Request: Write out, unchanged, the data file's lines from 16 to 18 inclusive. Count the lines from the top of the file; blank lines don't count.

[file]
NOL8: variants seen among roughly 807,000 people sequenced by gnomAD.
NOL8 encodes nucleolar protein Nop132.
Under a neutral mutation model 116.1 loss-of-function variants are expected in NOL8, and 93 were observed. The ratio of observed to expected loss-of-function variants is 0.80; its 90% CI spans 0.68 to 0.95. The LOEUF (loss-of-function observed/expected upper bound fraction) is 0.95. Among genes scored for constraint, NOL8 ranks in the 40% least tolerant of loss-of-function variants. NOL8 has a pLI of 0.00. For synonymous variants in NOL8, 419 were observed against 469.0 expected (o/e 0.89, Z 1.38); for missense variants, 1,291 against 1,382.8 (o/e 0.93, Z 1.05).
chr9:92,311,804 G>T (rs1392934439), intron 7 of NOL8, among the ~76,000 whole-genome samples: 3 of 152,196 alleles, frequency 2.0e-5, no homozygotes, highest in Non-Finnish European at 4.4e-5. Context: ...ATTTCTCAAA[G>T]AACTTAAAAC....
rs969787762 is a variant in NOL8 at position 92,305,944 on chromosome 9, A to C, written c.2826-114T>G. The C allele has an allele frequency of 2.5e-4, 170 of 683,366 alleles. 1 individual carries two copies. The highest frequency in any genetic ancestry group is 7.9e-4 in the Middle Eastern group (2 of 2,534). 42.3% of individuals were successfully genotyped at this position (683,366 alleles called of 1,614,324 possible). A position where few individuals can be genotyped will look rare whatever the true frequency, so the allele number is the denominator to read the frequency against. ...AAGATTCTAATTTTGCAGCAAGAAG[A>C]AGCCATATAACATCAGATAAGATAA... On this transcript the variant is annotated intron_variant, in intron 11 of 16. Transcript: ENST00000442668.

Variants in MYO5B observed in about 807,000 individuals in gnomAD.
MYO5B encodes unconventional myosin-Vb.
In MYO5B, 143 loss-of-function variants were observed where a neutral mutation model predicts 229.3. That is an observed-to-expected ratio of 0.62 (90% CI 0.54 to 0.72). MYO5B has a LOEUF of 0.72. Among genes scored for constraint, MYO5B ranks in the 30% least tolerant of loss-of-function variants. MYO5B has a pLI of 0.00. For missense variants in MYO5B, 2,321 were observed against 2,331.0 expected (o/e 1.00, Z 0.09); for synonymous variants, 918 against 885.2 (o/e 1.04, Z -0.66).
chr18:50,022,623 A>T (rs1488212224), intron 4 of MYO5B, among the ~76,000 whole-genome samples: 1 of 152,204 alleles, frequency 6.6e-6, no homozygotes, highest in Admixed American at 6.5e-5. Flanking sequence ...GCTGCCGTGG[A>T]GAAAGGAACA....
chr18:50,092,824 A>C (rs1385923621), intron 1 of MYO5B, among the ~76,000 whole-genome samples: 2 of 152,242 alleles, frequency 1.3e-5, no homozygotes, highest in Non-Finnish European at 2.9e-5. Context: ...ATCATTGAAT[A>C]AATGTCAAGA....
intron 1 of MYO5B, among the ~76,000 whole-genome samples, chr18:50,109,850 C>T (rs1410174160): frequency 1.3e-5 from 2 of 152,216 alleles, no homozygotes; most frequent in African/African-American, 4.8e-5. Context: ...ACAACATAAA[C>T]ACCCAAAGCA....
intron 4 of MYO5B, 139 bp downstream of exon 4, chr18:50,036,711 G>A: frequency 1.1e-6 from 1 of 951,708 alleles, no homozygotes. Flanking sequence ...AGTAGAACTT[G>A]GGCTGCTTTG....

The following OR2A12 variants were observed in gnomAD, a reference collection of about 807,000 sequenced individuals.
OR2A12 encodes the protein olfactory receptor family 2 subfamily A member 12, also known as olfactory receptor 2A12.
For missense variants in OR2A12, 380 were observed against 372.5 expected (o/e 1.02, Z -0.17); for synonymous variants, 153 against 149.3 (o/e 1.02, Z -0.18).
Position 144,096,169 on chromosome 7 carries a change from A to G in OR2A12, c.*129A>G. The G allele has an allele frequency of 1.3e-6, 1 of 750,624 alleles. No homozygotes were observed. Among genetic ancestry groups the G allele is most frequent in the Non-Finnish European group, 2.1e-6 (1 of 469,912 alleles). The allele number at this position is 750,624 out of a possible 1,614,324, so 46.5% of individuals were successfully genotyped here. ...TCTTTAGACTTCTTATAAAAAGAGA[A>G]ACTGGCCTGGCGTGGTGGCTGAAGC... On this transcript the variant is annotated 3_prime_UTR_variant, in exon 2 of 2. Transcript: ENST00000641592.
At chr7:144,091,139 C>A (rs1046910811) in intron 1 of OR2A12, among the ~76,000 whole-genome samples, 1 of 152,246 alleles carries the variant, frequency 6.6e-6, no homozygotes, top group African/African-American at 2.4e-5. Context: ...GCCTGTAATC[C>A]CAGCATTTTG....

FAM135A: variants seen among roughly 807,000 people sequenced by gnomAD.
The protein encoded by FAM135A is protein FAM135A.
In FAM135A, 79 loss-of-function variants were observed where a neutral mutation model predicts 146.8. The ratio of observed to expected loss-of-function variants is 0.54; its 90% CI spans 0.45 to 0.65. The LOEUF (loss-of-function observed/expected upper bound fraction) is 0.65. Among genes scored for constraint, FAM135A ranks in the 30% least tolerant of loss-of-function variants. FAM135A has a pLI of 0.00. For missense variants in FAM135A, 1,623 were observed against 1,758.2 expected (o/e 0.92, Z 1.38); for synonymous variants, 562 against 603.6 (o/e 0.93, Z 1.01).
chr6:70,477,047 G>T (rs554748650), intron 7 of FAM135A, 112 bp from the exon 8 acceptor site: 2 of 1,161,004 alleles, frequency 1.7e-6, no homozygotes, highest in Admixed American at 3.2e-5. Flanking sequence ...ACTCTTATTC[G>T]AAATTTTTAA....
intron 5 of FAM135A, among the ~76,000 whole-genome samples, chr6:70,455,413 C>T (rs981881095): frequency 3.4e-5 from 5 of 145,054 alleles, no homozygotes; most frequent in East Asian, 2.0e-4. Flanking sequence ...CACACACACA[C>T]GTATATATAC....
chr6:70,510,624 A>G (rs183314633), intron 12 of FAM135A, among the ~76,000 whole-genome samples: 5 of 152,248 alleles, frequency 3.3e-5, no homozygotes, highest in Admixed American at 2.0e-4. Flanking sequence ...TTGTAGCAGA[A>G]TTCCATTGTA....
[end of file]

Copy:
Position 144,096,169 on chromosome 7 carries a change from A to G in OR2A12, c.*129A>G. The G allele has an allele frequency of 1.3e-6, 1 of 750,624 alleles. No homozygotes were observed. Among genetic ancestry groups the G allele is most frequent in the Non-Finnish European group, 2.1e-6 (1 of 469,912 alleles). The allele number at this position is 750,624 out of a possible 1,614,324, so 46.5% of individuals were successfully genotyped here. ...TCTTTAGACTTCTTATAAAAAGAGA[A>G]ACTGGCCTGGCGTGGTGGCTGAAGC... On this transcript the variant is annotated 3_prime_UTR_variant, in exon 2 of 2. Transcript: ENST00000641592.
At chr7:144,091,139 C>A (rs1046910811) in intron 1 of OR2A12, among the ~76,000 whole-genome samples, 1 of 152,246 alleles carries the variant, frequency 6.6e-6, no homozygotes, top group African/African-American at 2.4e-5. Context: ...GCCTGTAATC[C>A]CAGCATTTTG....

FAM135A: variants seen among roughly 807,000 people sequenced by gnomAD.